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A neural system with widespread facilitory and inhibitory control of both motor and sensory functions was suggested by several research workers around 1900, but it is only within the last 15 years that such a system has been investigated. This system, with its net-like (reticulum) structure, is most commonly referred to as the reticular formation. However, it has also been called the nonspecific reticular system, the mesencephalic or thalamic diffuse reticular system, and the reticular activation system (see p 773 in this issue of The Journal). That some semantic confusion exists stems from several sources, primarily (1) the problem of defining a neural "system" in terms of both structure and function, and (2) the difficulty in being anatomically precise in defining the reticular system. However, the designation, reticular activation—or activating—system is particularly appropriate because this system is intimately related to behavioral arousal and maintenance of an alert attitude. In structure,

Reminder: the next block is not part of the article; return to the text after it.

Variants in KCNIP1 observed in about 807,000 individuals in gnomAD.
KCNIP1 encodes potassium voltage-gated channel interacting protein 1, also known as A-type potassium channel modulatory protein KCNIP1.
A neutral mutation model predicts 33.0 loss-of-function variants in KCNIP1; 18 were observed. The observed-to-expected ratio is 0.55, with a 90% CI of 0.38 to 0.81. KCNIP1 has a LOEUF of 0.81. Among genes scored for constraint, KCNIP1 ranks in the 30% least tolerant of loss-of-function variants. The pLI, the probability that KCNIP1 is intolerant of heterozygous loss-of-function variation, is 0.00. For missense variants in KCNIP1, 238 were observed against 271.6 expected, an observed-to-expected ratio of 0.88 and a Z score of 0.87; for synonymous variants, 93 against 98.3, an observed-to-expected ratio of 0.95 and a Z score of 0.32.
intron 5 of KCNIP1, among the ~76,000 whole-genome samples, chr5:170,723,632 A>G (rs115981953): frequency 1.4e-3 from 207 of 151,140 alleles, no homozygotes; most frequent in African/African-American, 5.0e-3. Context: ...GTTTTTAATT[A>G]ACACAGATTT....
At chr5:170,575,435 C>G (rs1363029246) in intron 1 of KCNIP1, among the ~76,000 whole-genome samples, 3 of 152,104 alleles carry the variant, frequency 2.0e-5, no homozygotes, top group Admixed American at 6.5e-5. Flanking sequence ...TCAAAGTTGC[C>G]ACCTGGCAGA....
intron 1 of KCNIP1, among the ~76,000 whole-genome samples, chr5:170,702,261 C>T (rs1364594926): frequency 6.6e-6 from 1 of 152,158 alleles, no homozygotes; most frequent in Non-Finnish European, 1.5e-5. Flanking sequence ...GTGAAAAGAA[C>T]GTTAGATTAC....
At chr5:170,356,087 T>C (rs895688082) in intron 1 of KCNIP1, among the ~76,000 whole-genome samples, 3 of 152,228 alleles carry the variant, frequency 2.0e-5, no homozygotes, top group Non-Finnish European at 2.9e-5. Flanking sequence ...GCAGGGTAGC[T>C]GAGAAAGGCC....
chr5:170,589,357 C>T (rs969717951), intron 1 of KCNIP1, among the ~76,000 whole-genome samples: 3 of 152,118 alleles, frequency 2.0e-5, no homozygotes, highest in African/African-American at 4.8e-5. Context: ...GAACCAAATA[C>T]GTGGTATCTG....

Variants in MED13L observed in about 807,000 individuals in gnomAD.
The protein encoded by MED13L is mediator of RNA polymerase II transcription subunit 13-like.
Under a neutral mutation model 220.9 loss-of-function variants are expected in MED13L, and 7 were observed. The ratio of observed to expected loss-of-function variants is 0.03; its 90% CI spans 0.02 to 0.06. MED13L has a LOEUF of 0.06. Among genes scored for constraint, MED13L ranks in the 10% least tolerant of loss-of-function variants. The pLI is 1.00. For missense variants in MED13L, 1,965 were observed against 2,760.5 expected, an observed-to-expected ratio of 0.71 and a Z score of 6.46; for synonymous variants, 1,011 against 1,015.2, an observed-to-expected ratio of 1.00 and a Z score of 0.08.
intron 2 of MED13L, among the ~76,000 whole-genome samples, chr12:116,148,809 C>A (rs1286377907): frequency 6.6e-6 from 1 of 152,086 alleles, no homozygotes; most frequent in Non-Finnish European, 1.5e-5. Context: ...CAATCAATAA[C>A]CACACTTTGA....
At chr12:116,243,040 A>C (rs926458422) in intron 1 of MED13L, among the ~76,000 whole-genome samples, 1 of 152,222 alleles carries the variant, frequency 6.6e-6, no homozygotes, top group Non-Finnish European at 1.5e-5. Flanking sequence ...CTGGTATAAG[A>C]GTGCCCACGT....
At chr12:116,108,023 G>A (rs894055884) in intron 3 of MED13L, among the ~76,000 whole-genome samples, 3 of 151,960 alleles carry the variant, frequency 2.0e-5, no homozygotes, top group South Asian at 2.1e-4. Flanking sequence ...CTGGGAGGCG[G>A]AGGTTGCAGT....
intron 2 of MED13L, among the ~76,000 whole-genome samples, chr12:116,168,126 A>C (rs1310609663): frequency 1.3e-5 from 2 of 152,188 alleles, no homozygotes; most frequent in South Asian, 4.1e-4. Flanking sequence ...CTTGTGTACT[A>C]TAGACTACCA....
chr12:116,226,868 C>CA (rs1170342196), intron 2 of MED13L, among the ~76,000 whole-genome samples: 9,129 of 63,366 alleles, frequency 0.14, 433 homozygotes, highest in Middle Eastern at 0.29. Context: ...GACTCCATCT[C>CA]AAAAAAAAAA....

THE RETICULAR FORMATION. JAMA. 1963;186(8):794–795. doi:10.1001/jama.1963.03710080066018
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